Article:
“It could happen to anyone”: The story of a Haitian asylee in Mexico

Weednyer Jaeson was born in Haiti and when he was a child his mother took him to Mexico where they claimed asylum.

Weednyer Jaeson, a Haitian asylee in Mexico.

Mexico 2024 © MSF

To mark World Refugee Day, we are highlighting the voices of people who have been uprooted and forced from their home countries, including our staff at Doctors Without Borders/Médecins Sans Frontières (MSF). Weednyer Jaeson is a cultural mediator with MSF in Mexico, where he helps other Haitians access medical and mental health services. Now a Mexican citizen, Weednyer arrived in Mexico as an asylum seeker in his childhood, when he and his mother fled Haiti. He shared with us his experience of living in a foreign country, and his call for empathy for those who become displaced. 

The story below is a transcription from audio, with edits for clarity.

“The reason why I left was because back then my mother had a political problem in Haiti. I was a minor, so I came with her. She went through a process and obtained her residency. I grew up here and then I applied for naturalization, and here I am, a Mexican. Thank God it happened when I was a child because I was able to adapt to change quickly. And that is what has helped me a lot. 

My mother used to participate in cultural events to represent Haiti in Mexico. She always came here, and she liked it. She used to talk to me about Mexico, and we always said that someday we would come and visit. That is how I got motivation to get good grades, to come and visit. But unfortunately, she had that problem in her work. You know that politics there are complicated. So when it happened, she came here with me, and we stayed.

Haitian migrants in Reynosa, Mexico
Dozens of migrants from Haiti wait for entry into the "Senda de Vida" shelter in Reynosa, Mexico.
Mexico 2022 © Yael Martínez/Magnum

It was a process, and she was already doing her documents and I did not know at the beginning. Then one week, she told me, ‘Look, you know what is happening—we are moving to Mexico.’ As a child I was excited, but at the same time I did not know if it was something permanent or temporary.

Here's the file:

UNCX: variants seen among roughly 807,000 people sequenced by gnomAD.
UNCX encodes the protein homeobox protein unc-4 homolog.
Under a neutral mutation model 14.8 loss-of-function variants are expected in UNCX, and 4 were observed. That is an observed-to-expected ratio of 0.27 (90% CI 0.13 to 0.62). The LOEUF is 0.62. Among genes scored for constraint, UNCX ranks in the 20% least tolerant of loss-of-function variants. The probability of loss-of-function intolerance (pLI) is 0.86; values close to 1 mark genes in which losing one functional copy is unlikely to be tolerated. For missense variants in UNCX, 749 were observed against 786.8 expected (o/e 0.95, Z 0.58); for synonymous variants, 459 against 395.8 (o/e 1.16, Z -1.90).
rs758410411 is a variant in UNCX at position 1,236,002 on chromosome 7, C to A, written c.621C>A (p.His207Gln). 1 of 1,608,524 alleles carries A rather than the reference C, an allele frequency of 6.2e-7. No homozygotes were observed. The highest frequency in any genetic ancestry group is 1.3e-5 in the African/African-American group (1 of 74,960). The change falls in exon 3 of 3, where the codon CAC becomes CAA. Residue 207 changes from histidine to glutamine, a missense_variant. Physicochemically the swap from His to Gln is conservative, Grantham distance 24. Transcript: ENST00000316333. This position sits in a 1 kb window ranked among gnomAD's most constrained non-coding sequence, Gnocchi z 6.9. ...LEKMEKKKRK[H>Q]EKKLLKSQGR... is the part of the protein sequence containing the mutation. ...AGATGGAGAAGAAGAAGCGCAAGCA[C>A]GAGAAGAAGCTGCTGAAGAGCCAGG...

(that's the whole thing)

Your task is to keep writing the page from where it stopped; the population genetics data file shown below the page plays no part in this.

Communication with my mom was good and she always told me things as they were, and that helped me understand our situation. For a child, when you do not have information, you do not know how to react, you don’t know how you should feel.

Memories of home 

What I miss the most is the beach. Since Haiti is an island, everywhere you go, you are [no more than] one and a half or two hours from the beach. 

Something I carry with me, most of all, is the culture. I brought the culture with me, and even now, I try to have that culture present in my life. I saw my family again, but only in video calls. That is how we have stayed in touch. But you feel that you want to go to your country. I mean, even though I am Mexican, and I am living here in Mexico, I was also born in Haiti and that is my country.  

The message I send is for people to have more empathy. Displacement is not particular to any person or any country.

Displacement is never 100 percent pretty because you leave your country, everything you know, even your family. You leave your environment where you and your friends live. That affects you because it is like going to a new world. Challenges will always be present. I am Mexican, but because of how I look, people see me first as a foreigner and then, with my documents, then they see I am Mexican. 

I am working with Doctors Without Borders in a project called Centro de Atencion Integral (CAI). My role is cultural mediator. So [I work on] everything that has to do with communicating with non-Spanish speakers, follow-ups, strategy, and conducting workshops with people who have suffered extreme violence, torture, and inhumane treatment.

Displacement could happen to anyone

The message I send is for people to have more empathy. Displacement is not particular to any person or any country. It could happen to anyone. At any moment, you could have a problem in your country. You don’t know if there will be a war or conflict. And if it happens, from one day to the next, you must move.  

We are all vulnerable. So there should be more empathy to understand that the reason why people are leaving is not because they want to. It is not a trip. It is an obligation they have. It is a necessity.  

What I want for the future is to help as many people as possible and to keep learning because life is a school, so you must learn as much as you can.  

People on the move, explained

Refugees, asylum seekers, migrants, and internally displaced people: We might have heard these words before, but what do they mean? And what circumstances could push someone to leave their home?

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